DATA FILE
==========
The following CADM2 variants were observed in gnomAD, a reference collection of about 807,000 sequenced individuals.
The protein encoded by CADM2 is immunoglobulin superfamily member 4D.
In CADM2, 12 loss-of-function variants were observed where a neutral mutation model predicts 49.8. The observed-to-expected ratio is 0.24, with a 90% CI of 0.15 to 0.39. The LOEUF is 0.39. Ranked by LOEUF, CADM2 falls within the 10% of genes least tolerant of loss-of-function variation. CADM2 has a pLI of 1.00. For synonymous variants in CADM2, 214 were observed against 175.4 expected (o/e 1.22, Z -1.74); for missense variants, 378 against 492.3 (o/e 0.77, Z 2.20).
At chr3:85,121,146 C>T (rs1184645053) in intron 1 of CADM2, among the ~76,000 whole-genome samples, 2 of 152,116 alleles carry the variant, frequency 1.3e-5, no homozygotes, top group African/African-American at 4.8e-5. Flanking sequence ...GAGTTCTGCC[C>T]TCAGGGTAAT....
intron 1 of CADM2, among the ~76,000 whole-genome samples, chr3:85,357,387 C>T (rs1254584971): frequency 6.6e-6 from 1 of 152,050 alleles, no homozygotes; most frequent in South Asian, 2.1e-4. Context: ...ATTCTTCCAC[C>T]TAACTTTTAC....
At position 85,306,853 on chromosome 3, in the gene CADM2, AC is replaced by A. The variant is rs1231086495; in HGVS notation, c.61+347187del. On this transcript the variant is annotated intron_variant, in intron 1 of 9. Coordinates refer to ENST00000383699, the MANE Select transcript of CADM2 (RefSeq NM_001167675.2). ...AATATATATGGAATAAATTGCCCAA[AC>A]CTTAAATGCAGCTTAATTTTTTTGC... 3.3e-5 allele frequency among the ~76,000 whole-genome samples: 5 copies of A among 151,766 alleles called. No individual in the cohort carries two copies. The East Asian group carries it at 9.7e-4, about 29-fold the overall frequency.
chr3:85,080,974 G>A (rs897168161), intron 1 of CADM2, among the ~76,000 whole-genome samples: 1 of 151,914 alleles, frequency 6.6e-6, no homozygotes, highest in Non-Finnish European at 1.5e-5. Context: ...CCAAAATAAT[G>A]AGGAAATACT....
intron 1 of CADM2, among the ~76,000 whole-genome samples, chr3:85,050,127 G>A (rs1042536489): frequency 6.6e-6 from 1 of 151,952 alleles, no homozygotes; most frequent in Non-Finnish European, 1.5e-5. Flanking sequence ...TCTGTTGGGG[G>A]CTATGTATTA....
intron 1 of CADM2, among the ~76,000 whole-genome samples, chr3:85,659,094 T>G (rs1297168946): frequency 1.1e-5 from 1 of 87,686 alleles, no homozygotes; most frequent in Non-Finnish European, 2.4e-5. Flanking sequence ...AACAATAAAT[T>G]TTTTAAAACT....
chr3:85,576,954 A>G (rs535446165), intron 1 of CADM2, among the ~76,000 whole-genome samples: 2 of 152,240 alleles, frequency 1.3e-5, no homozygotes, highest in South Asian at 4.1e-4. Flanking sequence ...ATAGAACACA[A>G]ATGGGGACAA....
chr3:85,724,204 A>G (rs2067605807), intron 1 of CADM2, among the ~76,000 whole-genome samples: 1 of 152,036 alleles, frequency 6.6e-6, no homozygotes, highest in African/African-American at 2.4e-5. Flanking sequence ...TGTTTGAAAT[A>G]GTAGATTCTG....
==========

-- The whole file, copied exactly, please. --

The following CADM2 variants were observed in gnomAD, a reference collection of about 807,000 sequenced individuals.
The protein encoded by CADM2 is immunoglobulin superfamily member 4D.
In CADM2, 12 loss-of-function variants were observed where a neutral mutation model predicts 49.8. The observed-to-expected ratio is 0.24, with a 90% CI of 0.15 to 0.39. The LOEUF is 0.39. Ranked by LOEUF, CADM2 falls within the 10% of genes least tolerant of loss-of-function variation. CADM2 has a pLI of 1.00. For synonymous variants in CADM2, 214 were observed against 175.4 expected (o/e 1.22, Z -1.74); for missense variants, 378 against 492.3 (o/e 0.77, Z 2.20).
At chr3:85,121,146 C>T (rs1184645053) in intron 1 of CADM2, among the ~76,000 whole-genome samples, 2 of 152,116 alleles carry the variant, frequency 1.3e-5, no homozygotes, top group African/African-American at 4.8e-5. Flanking sequence ...GAGTTCTGCC[C>T]TCAGGGTAAT....
intron 1 of CADM2, among the ~76,000 whole-genome samples, chr3:85,357,387 C>T (rs1254584971): frequency 6.6e-6 from 1 of 152,050 alleles, no homozygotes; most frequent in South Asian, 2.1e-4. Context: ...ATTCTTCCAC[C>T]TAACTTTTAC....
At position 85,306,853 on chromosome 3, in the gene CADM2, AC is replaced by A. The variant is rs1231086495; in HGVS notation, c.61+347187del. On this transcript the variant is annotated intron_variant, in intron 1 of 9. Coordinates refer to ENST00000383699, the MANE Select transcript of CADM2 (RefSeq NM_001167675.2). ...AATATATATGGAATAAATTGCCCAA[AC>A]CTTAAATGCAGCTTAATTTTTTTGC... 3.3e-5 allele frequency among the ~76,000 whole-genome samples: 5 copies of A among 151,766 alleles called. No individual in the cohort carries two copies. The East Asian group carries it at 9.7e-4, about 29-fold the overall frequency.
chr3:85,080,974 G>A (rs897168161), intron 1 of CADM2, among the ~76,000 whole-genome samples: 1 of 151,914 alleles, frequency 6.6e-6, no homozygotes, highest in Non-Finnish European at 1.5e-5. Context: ...CCAAAATAAT[G>A]AGGAAATACT....
intron 1 of CADM2, among the ~76,000 whole-genome samples, chr3:85,050,127 G>A (rs1042536489): frequency 6.6e-6 from 1 of 151,952 alleles, no homozygotes; most frequent in Non-Finnish European, 1.5e-5. Flanking sequence ...TCTGTTGGGG[G>A]CTATGTATTA....
intron 1 of CADM2, among the ~76,000 whole-genome samples, chr3:85,659,094 T>G (rs1297168946): frequency 1.1e-5 from 1 of 87,686 alleles, no homozygotes; most frequent in Non-Finnish European, 2.4e-5. Flanking sequence ...AACAATAAAT[T>G]TTTTAAAACT....
chr3:85,576,954 A>G (rs535446165), intron 1 of CADM2, among the ~76,000 whole-genome samples: 2 of 152,240 alleles, frequency 1.3e-5, no homozygotes, highest in South Asian at 4.1e-4. Flanking sequence ...ATAGAACACA[A>G]ATGGGGACAA....
chr3:85,724,204 A>G (rs2067605807), intron 1 of CADM2, among the ~76,000 whole-genome samples: 1 of 152,036 alleles, frequency 6.6e-6, no homozygotes, highest in African/African-American at 2.4e-5. Flanking sequence ...TGTTTGAAAT[A>G]GTAGATTCTG....